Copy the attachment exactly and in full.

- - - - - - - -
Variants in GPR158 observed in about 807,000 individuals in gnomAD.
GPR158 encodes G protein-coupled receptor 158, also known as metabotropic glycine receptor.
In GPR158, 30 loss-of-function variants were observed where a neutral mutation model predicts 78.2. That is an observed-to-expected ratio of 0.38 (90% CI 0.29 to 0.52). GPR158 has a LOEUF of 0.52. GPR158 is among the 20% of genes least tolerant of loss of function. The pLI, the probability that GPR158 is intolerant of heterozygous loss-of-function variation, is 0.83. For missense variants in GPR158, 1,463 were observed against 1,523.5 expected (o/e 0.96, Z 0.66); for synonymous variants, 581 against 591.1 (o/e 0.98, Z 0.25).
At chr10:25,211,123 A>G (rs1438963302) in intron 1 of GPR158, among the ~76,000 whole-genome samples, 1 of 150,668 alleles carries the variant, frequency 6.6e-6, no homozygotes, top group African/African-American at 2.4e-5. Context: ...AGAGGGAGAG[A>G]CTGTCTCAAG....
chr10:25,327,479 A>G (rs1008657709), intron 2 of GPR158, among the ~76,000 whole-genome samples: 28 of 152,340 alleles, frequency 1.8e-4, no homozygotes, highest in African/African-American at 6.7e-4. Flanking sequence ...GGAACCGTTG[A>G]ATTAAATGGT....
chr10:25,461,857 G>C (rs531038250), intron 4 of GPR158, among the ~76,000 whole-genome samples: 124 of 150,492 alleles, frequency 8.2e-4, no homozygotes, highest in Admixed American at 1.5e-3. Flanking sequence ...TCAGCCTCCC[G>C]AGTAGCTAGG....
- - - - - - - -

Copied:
Variants in GPR158 observed in about 807,000 individuals in gnomAD.
GPR158 encodes G protein-coupled receptor 158, also known as metabotropic glycine receptor.
In GPR158, 30 loss-of-function variants were observed where a neutral mutation model predicts 78.2. That is an observed-to-expected ratio of 0.38 (90% CI 0.29 to 0.52). GPR158 has a LOEUF of 0.52. GPR158 is among the 20% of genes least tolerant of loss of function. The pLI, the probability that GPR158 is intolerant of heterozygous loss-of-function variation, is 0.83. For missense variants in GPR158, 1,463 were observed against 1,523.5 expected (o/e 0.96, Z 0.66); for synonymous variants, 581 against 591.1 (o/e 0.98, Z 0.25).
At chr10:25,211,123 A>G (rs1438963302) in intron 1 of GPR158, among the ~76,000 whole-genome samples, 1 of 150,668 alleles carries the variant, frequency 6.6e-6, no homozygotes, top group African/African-American at 2.4e-5. Context: ...AGAGGGAGAG[A>G]CTGTCTCAAG....
chr10:25,327,479 A>G (rs1008657709), intron 2 of GPR158, among the ~76,000 whole-genome samples: 28 of 152,340 alleles, frequency 1.8e-4, no homozygotes, highest in African/African-American at 6.7e-4. Flanking sequence ...GGAACCGTTG[A>G]ATTAAATGGT....
chr10:25,461,857 G>C (rs531038250), intron 4 of GPR158, among the ~76,000 whole-genome samples: 124 of 150,492 alleles, frequency 8.2e-4, no homozygotes, highest in Admixed American at 1.5e-3. Flanking sequence ...TCAGCCTCCC[G>C]AGTAGCTAGG....